By: Jinming Zhang

On February 22, 2021, a panel majority of the Court of Appeal for the Federal Circuit determined, in SynQor, Inc v. Vicor Corp., No. 2019-1704, that issue preclusion can apply to previous inter parte reexamination decisions. Judge Dyk strongly dissented. 

In 2011, SynQor, Inc. asserted multiple patents against Vicor Corp in a district court litigation, including U.S. Patent Nos. 7,702,190 (“the ’190 Patent”), 7,564,702 (“the ’702 Patent”), and 8,023,290 (“the ’290 Patent”). The three patents are parts of an extensive patent family based on parent applications dating back to 1997. The patents all disclose “technology for DC-DC power converters used in large computer systems, and telecommunication and data communication equipment to convert direct electric current from one voltage to another.” Vicor Corp subsequently petitioned for inter parte reexamination of the ’190, the ’702, and the ’290 patents arguing that the claims of these patents are obvious in view of two references: (1) U.S. Patent No. 5,377,090 (“Steigerwald”) and published article “Cobos.” 

On appeal from the ’702 and ’290 patents reexaminations, the PTAB affirmed that the challenged claims were not invalid because “there are incompatibilities in frequency” between the references, Steigerwald and Cobos. Thus, a person of skill in the art would not have been motivated to combine the two references. The Federal Circuit later affirmed this decision after the parties appealed. 

In the proceedings for the ’190 patent, however, the Board contradicted its prior decision regarding the ’702 and ’290 patents and found the references, Steigerwald and Cobos, did not disclose incompatible frequencies and that the challenged claims were therefore unpatentable. SynQor, Inc. appealed the Board’s decision regarding the ’190 patent and argued that issue preclusion arising from the ’702 and ’290 patent reexaminations should have collaterally estopped the Board from reaching the opposite decision when interpreting the references.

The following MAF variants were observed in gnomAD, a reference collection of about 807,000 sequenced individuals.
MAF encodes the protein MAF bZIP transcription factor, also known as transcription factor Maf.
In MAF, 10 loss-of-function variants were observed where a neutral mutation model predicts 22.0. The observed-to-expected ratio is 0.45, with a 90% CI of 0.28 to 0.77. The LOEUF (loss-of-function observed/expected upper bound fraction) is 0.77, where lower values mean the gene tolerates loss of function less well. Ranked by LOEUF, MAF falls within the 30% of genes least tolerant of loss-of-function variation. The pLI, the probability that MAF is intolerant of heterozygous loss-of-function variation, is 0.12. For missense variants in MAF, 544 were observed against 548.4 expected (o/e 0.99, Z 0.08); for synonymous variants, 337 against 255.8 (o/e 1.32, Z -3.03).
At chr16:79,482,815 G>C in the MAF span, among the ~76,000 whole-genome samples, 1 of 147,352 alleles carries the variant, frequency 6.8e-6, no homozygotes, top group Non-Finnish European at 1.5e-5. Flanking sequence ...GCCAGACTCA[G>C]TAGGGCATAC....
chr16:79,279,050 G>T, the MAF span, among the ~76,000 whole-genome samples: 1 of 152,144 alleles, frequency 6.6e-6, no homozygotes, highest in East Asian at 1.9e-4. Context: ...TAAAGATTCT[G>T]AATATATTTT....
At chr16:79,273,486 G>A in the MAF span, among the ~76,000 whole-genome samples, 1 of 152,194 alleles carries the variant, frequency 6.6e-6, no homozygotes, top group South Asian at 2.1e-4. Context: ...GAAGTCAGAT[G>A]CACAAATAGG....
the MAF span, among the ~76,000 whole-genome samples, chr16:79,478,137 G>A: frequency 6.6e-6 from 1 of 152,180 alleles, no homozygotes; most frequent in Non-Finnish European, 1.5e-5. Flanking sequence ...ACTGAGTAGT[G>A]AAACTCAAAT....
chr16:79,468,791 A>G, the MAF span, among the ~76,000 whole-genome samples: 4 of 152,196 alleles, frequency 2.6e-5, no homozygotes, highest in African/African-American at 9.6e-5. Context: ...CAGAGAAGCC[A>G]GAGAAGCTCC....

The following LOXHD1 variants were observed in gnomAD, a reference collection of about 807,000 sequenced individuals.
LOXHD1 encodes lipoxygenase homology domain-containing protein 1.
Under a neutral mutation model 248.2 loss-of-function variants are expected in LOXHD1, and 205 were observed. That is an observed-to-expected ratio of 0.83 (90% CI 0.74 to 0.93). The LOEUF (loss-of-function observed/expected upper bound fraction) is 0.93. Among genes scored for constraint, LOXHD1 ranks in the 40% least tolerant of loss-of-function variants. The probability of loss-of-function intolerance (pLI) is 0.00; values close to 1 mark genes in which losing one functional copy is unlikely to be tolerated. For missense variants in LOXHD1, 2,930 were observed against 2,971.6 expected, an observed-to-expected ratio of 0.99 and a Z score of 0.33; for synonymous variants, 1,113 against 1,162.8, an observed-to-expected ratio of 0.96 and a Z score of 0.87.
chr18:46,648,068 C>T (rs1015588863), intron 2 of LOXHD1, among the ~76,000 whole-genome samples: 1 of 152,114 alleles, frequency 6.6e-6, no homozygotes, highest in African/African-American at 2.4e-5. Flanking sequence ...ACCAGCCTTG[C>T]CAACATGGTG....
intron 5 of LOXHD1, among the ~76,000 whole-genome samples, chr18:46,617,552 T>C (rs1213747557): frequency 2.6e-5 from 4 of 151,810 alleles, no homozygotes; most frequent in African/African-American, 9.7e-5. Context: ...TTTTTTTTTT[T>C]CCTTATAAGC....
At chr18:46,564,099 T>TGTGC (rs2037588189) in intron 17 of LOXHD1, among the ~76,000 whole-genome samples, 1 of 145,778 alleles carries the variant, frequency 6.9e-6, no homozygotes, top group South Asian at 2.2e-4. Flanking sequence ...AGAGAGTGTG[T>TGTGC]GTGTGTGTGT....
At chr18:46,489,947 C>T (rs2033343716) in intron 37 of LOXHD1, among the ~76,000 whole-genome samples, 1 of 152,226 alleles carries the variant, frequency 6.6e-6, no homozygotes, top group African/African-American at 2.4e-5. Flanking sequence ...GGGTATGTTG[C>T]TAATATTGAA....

The Federal Circuit panel majority agreed with SynQor, Inc., and determined that common law issue preclusion can apply to prior inter parte reexamination decisions. The majority first determined that the statutory scheme governing the reexamination proceeding showed no evidence of Congress’s intent to foreclose common law issue preclusion. The panel then determined that although the reexamination proceedings are not formally adversarial as IPR proceedings, it nevertheless provides “adequate adversarial participation for both the patent owner and requester” as both parties can present and rebut evidence. The panel also rejected Vicor Corp’s argument that the lack of cross-examinations and “compulsory process,” such as subpoenas, makes reexamination proceedings merely “inquisitory” in nature and should not have issue preclusive effect. The panel stated that neither compulsory process nor cross-examination is dispositive in determining the preclusive effect of an administrative decision. The panel determined that because the reexamination proceedings provide a full and fair opportunity to litigate to both parties, issue preclusion can apply.